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Brentwood residents call for ‘peace and compassion’

Feride Castillo, 32, of Brentwood, helps her 3-year-old

Feride Castillo, 32, of Brentwood, helps her 3-year-old son Jasiel fingerpaint on a trash barrel at the "Gathering of Neighbors for Peace and Compassion" at Ross Park in Brentwood on May 15, 2016. The gathering, hosted by the Sisters of St. Joseph in Brentwood, brought together different community groups and featured performances by local high school students. The barrels created by Manifest Media with be put in parks throughout to Town of Islip. Credit: Anthony Lanzilote

About 100 Brentwood residents sang and prayed for peace at Ross Memorial Park Sunday, surrounded by the paintings of Pope Francis, the Dalai Lama and other prominent peacemakers.

The Sisters of St. Joseph, a local order of nuns, organized the “Gathering of Neighbors for Peace and Compassion,” along with several civic and faith groups, to “lift up the positive, lift up the good and lift up the beautiful and to pray for peace and compassion that’s so desperately needed,” said Sister Heather Ganz.

Ganz was moved to act, she said, because of “the climate of negativity, the violence that’s going on, the climate of prejudice and hatred,” not just in Brentwood, but around the country.

“The energy and prayer spreads out from this place and ripples into the universe,” Ganz told the crowd to cheers.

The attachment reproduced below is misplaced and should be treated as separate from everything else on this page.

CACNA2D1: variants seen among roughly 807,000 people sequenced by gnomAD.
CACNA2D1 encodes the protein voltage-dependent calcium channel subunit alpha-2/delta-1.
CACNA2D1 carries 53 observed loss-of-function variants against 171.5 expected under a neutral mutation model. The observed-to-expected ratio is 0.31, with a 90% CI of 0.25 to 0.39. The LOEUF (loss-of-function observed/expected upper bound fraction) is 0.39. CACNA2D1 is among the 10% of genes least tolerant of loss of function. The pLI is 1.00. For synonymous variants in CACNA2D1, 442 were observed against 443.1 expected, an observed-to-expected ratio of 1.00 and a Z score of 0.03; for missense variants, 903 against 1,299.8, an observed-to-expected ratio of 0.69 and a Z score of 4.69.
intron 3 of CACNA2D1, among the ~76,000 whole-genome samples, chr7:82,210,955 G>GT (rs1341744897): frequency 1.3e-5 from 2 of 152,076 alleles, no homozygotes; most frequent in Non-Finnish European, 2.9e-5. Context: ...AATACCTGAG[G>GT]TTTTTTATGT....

But Brentwood is a community often plagued by street violence, amid the persistent presence of gangs. Just last month, a block away from Sunday’s park gathering, a man fired gun shots, but missed, at another man walking down the street on a Friday morning, police said. A woman and child were nearby, but weren’t hurt.

In January, a 16-year-old allegedly shot a 22-year-old man after what police said was a possible gang-related dispute.

Jose Avila, vice president of the Brentwood Chamber of Commerce, emceed the event, which included the singing of “God Bless America” and choral and spoken word performances from Brentwood High School students. He said the performance highlighted many of the positives of Brentwood — a strong sense of community and faith.

“We love to spread the good news about Brentwood,” said Avila. “But unfortunately the bad news is what makes more noise. . . . But we have a great community, a lot of great people in the area.”

The paintings, by Andres Gallardo of Manifest Media in Deer Park, also featured Mother Teresa, Gandhi and Malala Yousafzai, the young Pakistani girl who was shot by the Taliban for advocating education for girls and went on to win the Nobel Peace Prize.

Alfred Jaya, who grew up in Brentwood and now splits his time between Islandia and Miami, attended the event with a youth empowerment group he founded. “I am T.U.F.F.,” he said of the group’s name, which stands for Talented, Unique, Focused, Fearless.

Jaya, who graduated from Brentwood High School, said his group partnered with the town’s “Keep Islip Clean” campaign and painted four of the trash cans, one featuring the Brentwood water tower and the William Upham Dame House, which he said brings “awareness and pride to Brentwood.”

The trash cans were also on display Sunday and will eventually be placed in town parks, Jaya said.

Carmen Florentin, 16, a Brentwood High School junior, said the day had brought her a sense of optimism about her community and the larger world.

“When I first got here, I was telling my uncle, ‘Oh my God, these are members of Brentwood and I feel like I don’t know anyone.’ And now I’m here and I got to meet so many people. I feel at home now.”

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